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MSNBC's O'Donnell Gets Schooled by Garry Kasparov on Obama's 'Red Line' Waffle

Media Research CenterOn Monday's The Last Word show, after former chess champion and Russian political activist Garry Kasparov charged that President Obama had "blown up [the] reputation of his office" by allowing Russian President Vladimir Putin to talk him down from his "red line" warning against Syria, MSNBC host Lawrence O'Donnell tried to argue that Obama had not really lost face since he never specifically promised military action, even though the President warned of "enormous consequences" if chemical weapons were used. [Video below]

The back and forth started after O'Donnell asked "what advice" the Russian activist had for Secretary of State John Kerry's "day to day negotiations" on the matter, prompting Kasparov to respond:

I think they already lost because it's not verifiable. And basically, the agreement gives Assad green light because suddenly, Assad who two weeks ago was sitting in bunker fearing for his life, now he's part of the deal. And as long as he's complying or pretends he's complying, he can keep killing his people.

And even if he does something outrageous again, there's no trigger there. Then, it goes back to United Nations. So Putin got everything he wanted. I think even beyond his wildest expectations. And Obama who once said "red line," he's just blown up reputation of his office.

The MSNBC host then asserted:

Well, the President and Secretary of State, their stated mission from the outside was to stop this use of chemical weapons by Assad. They seemed to have stopped the use of chemical weapons, and the process they're engaged in is to prevent them from using it.

Kasparov called out the spin in O'Donnell trying to argue that President Obama had not changed his position:

Now, wait, wait, wait, wait, wait, I think, I agree that that was the goal, and that's why President said, "red line." I understand that red line means that if somebody crosses red line, then you act and don't talk anymore.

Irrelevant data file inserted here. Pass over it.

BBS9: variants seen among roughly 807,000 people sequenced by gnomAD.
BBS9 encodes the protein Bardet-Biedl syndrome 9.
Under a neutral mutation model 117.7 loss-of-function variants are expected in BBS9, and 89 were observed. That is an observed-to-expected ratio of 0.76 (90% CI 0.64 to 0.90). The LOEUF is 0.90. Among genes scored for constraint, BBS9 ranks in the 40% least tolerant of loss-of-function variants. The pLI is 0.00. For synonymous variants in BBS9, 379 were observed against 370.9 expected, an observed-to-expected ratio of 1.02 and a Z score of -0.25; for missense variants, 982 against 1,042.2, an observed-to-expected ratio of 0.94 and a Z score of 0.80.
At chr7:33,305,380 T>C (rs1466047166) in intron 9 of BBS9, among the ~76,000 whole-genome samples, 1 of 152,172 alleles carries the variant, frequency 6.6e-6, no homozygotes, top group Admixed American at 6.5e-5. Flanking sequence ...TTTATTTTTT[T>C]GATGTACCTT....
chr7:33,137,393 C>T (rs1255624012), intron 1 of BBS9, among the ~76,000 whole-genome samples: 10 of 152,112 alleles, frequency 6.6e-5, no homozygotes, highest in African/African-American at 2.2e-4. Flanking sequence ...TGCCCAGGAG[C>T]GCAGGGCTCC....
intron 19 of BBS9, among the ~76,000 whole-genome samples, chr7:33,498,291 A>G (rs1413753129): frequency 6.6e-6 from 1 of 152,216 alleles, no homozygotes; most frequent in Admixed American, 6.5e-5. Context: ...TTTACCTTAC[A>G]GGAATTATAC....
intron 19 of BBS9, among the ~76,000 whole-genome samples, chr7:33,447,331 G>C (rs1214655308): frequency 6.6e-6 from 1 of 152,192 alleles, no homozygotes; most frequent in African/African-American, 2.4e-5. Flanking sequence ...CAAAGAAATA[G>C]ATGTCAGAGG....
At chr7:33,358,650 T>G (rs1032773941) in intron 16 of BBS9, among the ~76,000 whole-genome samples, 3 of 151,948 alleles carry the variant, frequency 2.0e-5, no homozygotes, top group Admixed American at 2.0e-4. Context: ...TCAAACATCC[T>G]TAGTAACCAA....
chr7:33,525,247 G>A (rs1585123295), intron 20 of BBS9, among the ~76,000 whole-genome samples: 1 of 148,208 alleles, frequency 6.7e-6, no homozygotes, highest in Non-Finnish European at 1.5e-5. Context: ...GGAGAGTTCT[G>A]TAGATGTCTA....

A back and forth continued:

LAWERENCE O'DONNELL: That's not what he said. He didn't say this is what I will do if you cross-

GARRY KASPAROV: No, red line, whether it's in Russian or in English or in any other language means that you act if somebody crosses it.

O'DONNELL: No, no, no. You can't say if you use this phrase, that means you must do this.

KASPAROV: We are sitting here talking in studio, Barack Obama is the President of the United States of America. And if he says, "red line,"  he should put at face value his words.

O'DONNELL: I would say, what I would say to you is if he says, "red line," you shouldn't assume this extra stuff that you're assuming about.

KASPAROV: Okay, again, the problem is not what I assume. The problem is what Iranians and North Koreans assume.

O'DONNELL: But they've stopped using chemical weapons and the President has said that if they do use chemical weapons again, the United States does reserve the right to strike militarily without-

KASPAROV: That's exactly what he said a few months ago.

O'DONNELL: No, he did, he never said, you got to remember this, he never said if you use chemical weapons, I will strike militarily. He never said that.

In August 2012, President Obama had threatened "enormous consequences" if the Syrian regime used chemical weapons:

We have communicated in no uncertain terms with every player in the region that that's a red line for us and that there would be enormous consequences if we start seeing movement on the chemical weapons front or the use of chemical weapons.

Below is a transcript of more of the segment from the Monday, September 16, The Last Word with Lawrence O'Donnell on MSNBC:

LAWRENCE O'DONNELL: On Saturday, the United States and Russia reached a deal on how to eliminate Syria's chemical weapons. Here is Secretary of State John Kerry announcing the deal.

JOHN KERRY: We have no illusions about the challenges ahead. The United States and Russia have not always seen eye to eye. That is known. And we still don't see eye to eye on everything.

O'DONNELL: The next day, President Obama said this.